Frantz On Motorcycle

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Mar 5, 2006
If a Frantz bypass filter is installed on my 83 BMW motorcycle, do I need to worry about oil from the Frantz draining into the crankcase? The BMW has a 2 liter sump. I am afraid that if the bypass filter drains into the sump when shut off, it might be seriously flooded during start up. The Frantz filter must be mounted above the crankcase.
That's a good question. I had an 84 R100 and personally never saw a need for a bypass filter. I put 125,000 trouble free mile on that jewel before I sold it.
Yeah, good question. If there's a way for air to get into the filter housing, it's going to either drain forward or backward.
Why not add two check valves (one upstream, one downstream)??

The spring holding the check ball in place should be enough to prevent siphoning of the oil from the filter. I have one of these with a 6psi cracking pressure. I was going to use this on my bypass to prevent oil starvation at start up, but decided it wasn't needed with further research.

6psi should be enough to hold a siphon.
Even .5 - 1psi cracking pressure should do it. Even if it doesn't completely, it will, at some point, manage to contain most of the mass. Much depends on how the lines dip and up turn as well as the filter's elevation above the "drain plane" (either forward or backward). Eventually you should get a vacuum'd column of oil with a slight air gap that can't travel past the upturn in the dipped line.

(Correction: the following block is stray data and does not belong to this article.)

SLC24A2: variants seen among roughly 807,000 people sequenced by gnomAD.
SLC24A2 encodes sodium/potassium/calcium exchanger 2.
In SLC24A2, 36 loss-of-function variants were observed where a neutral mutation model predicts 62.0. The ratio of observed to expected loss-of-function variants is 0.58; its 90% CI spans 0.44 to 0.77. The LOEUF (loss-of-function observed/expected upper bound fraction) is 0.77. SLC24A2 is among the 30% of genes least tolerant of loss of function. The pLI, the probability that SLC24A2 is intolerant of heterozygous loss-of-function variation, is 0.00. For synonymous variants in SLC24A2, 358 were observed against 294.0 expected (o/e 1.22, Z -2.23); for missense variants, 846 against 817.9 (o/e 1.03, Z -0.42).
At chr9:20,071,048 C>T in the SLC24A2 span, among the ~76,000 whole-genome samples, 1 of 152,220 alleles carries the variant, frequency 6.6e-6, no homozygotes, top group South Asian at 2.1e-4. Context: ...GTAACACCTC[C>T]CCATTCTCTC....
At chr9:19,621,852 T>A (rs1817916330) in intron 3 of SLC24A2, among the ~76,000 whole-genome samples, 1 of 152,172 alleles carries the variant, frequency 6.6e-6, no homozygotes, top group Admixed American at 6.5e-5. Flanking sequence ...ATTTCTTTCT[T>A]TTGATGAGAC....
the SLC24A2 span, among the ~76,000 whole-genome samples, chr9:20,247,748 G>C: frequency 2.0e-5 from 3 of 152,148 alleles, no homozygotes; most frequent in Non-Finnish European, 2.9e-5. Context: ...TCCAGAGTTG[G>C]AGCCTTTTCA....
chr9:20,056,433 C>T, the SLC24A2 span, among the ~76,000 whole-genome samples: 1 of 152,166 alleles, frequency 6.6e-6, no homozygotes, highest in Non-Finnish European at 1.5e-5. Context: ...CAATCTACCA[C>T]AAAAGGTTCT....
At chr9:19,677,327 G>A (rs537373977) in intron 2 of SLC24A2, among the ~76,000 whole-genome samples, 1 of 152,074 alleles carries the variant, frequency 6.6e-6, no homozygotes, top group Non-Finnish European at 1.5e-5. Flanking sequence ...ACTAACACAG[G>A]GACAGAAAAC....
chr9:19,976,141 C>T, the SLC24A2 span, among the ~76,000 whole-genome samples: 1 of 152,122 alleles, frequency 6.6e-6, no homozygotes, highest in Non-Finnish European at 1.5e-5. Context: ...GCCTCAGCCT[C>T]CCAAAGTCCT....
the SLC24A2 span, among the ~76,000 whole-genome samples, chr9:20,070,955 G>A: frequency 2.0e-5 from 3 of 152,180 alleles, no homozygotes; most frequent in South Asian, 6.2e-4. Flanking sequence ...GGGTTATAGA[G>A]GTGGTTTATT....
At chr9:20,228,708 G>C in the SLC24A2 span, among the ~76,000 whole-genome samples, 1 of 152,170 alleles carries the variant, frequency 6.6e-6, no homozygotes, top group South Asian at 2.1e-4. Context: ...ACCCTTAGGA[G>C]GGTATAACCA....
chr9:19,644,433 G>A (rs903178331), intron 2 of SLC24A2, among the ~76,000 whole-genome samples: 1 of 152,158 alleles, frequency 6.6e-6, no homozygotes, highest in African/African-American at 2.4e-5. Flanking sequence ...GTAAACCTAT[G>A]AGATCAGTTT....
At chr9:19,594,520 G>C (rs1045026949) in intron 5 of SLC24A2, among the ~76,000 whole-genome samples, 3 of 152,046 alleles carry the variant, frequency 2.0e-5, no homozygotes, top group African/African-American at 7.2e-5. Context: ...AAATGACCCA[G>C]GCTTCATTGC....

You can go the check valve method, but if you've got enough flexibility to run the lines a bit below the sump, you may be able to avoid spending the money. Air will travel laterally, it will just compress itself to one very long shallow bubble, but it can't travel down into a liquid where the liquid has to be lifted against gravity ..and the bubble must pass through it.

I don't know if I'm describing this well.
Since Frantz filters mounted "can" end up don't drain until you crack the seal and let air in, you should be fine.
I dunno (as in help me out here)
. I know Ralph and others mentioned that this is a way to save some oil by cracking it ..but..

Both fittings are (typically) on the bottom so that the handle is on top. If either line can get exposed to air (drain), then it should allow the Tp roll to drain one way ..and the center well to drain the other way (once enough air is present to allow the vacuum to be overcome by the oil mass). Now it may be darn difficult (maybe impossible) for the oil saturated tp roll to pass air, but I can't see it not happening otherwise. It may take longer in time than most people leave the thing idle. That is, it's started before the process can occur.
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